Getting Unstuck in Act: A Clinician's Guide to Overcoming Common Obstacles in Acceptance and Commitment Therapy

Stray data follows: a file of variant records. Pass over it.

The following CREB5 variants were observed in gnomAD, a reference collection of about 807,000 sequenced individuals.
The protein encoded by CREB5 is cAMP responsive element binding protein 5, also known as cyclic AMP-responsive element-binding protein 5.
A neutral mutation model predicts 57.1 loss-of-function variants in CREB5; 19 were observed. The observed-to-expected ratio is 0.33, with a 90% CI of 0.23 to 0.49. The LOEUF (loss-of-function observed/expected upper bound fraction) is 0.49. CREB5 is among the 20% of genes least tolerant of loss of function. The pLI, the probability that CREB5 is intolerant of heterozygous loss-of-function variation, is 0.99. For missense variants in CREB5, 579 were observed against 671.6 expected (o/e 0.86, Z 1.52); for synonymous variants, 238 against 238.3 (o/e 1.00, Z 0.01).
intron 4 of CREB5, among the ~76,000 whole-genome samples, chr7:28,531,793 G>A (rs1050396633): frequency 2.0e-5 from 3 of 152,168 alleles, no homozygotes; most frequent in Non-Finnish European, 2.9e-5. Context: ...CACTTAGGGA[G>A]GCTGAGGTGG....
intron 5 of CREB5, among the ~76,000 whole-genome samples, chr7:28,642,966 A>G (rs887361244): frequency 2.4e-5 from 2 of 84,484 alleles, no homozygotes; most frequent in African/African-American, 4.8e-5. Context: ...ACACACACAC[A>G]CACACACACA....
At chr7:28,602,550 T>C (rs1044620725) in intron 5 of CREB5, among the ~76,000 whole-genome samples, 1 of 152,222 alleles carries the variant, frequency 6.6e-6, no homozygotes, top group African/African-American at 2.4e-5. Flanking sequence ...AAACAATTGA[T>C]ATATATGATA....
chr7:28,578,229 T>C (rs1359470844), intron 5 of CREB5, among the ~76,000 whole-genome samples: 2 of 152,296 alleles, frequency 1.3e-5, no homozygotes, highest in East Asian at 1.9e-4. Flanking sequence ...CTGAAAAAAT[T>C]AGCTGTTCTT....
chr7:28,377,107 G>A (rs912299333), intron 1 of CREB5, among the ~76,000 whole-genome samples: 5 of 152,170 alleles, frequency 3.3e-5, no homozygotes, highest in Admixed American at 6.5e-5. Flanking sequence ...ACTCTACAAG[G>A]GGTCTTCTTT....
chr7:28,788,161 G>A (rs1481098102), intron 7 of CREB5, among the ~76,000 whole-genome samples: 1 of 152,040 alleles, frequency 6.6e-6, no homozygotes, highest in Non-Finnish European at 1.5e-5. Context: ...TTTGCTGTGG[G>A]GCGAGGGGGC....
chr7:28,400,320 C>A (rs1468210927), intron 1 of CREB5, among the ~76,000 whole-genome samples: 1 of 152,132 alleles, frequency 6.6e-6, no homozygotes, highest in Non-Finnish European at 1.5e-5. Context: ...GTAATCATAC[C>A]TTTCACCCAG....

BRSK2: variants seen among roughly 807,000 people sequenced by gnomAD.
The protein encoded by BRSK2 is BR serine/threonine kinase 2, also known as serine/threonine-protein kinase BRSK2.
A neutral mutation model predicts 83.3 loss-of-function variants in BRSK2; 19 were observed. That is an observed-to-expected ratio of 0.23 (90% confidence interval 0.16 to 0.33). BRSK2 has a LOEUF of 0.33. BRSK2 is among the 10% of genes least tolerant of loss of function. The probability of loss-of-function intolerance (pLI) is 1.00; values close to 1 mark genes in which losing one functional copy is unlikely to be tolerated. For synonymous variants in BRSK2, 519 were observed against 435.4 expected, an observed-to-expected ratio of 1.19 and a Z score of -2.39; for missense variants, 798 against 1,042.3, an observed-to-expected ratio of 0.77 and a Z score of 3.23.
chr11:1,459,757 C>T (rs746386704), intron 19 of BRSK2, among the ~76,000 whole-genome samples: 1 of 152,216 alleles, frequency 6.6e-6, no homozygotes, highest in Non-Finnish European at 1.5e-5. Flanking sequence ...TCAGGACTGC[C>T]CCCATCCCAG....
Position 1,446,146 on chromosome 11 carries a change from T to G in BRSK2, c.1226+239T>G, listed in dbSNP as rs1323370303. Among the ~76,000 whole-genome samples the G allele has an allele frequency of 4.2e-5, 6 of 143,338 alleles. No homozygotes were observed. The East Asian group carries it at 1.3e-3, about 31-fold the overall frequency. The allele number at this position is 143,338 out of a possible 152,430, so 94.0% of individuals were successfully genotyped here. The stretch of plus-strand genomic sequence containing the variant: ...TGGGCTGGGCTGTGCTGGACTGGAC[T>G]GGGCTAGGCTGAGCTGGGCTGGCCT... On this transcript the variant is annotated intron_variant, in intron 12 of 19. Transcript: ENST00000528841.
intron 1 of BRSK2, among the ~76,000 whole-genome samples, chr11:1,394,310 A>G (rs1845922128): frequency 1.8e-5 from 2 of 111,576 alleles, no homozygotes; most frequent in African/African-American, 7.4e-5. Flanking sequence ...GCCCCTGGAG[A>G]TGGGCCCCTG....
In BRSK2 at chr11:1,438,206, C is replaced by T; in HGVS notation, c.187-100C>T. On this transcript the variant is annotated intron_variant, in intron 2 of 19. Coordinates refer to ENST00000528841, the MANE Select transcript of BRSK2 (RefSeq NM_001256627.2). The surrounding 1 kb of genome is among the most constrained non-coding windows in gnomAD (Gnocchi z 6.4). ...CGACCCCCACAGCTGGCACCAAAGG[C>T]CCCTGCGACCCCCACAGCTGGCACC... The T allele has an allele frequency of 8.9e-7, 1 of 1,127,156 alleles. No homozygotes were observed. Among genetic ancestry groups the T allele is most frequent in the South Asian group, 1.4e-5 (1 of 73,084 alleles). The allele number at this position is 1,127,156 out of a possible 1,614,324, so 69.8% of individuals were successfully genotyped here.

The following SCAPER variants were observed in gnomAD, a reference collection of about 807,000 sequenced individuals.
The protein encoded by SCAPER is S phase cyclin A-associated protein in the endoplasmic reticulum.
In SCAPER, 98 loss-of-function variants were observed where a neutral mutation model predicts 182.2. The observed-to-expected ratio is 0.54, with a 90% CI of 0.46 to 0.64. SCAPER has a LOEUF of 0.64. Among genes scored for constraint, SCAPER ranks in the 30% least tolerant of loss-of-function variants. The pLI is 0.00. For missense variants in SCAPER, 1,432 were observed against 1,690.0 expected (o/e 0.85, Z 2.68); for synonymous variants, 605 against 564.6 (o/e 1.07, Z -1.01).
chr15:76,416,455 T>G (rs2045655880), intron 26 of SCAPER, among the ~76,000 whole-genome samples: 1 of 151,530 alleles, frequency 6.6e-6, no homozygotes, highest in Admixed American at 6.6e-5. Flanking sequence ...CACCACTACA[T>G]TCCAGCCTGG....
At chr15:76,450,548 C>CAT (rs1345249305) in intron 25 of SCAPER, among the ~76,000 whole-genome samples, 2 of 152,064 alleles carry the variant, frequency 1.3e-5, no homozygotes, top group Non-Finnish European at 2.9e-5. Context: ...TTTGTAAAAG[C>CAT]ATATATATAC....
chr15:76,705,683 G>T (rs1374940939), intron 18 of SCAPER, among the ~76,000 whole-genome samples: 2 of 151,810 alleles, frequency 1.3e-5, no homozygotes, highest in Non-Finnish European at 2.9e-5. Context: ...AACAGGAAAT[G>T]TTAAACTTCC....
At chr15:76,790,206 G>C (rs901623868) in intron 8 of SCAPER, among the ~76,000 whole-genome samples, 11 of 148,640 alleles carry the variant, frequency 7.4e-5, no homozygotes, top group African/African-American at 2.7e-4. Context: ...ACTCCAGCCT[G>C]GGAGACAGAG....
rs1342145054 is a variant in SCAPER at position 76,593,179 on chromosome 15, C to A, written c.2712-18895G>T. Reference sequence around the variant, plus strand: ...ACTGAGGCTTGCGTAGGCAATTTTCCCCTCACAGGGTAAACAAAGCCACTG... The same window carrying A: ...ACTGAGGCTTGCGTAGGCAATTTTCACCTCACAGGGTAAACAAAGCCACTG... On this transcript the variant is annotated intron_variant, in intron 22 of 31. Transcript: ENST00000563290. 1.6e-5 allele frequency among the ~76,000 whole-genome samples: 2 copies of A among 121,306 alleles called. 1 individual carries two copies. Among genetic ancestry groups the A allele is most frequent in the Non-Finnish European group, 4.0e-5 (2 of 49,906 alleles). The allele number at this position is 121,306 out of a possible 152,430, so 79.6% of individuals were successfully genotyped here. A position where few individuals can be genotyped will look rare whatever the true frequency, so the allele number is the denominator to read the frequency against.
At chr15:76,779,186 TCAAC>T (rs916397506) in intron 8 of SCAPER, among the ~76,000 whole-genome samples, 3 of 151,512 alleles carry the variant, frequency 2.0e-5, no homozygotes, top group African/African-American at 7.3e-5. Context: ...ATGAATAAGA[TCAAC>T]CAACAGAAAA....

Acceptance and commitment therapy (ACT) is a powerful, evidence-based treatment for clients struggling with depression, anxiety, addiction, eating disorders, and a host of other mental health conditions. It is based in the belief that the road to lasting happiness and well-being begins with accepting our thoughts, rather than trying to change them. However, ACT can present certain roadblocks during treatment. As a mental health professional, you may adopt basic principles of ACT easily, but it generally takes at least two or three years of hard work and ongoing study to become truly fluid in the model. During that time, you will probably find yourself stuck at some point, and so will your clients. In Getting Unstuck in ACT , psychotherapist and bestselling author of ACT Made Simple , Russ Harris, provides solutions for overcoming the most common roadblocks in ACT. In the book, you will learn how to deal with reluctant or unmotivated clients, as well as how to get past certain theoretical aspects of ACT that some clients may find confusing. This book will help clients deal with sticky dilemmas and unsolvable problems, and will help simplify key ACT concepts to help you break down psychological barriers. Other common problems with ACT that the book addresses are inconsistencies and sending mixed messages, talking and explaining ACT instead of doing it, being too eager to treat a client, being a Mr. Nice Guy or Ms. Nice Girl, or putting too much focus on one process while neglecting others. The chapters of the book are based in real life scenarios that take place between therapist and client, and the author provides feedback by analyzing mistakes in what was said and where improvements could be made. As more and more mental health professionals incorporate ACT into their practice, it is increasingly necessary to have a guide that offers them effective solutions to common ACT roadblocks. For that reason, this book is a must-have for any ACT therapist.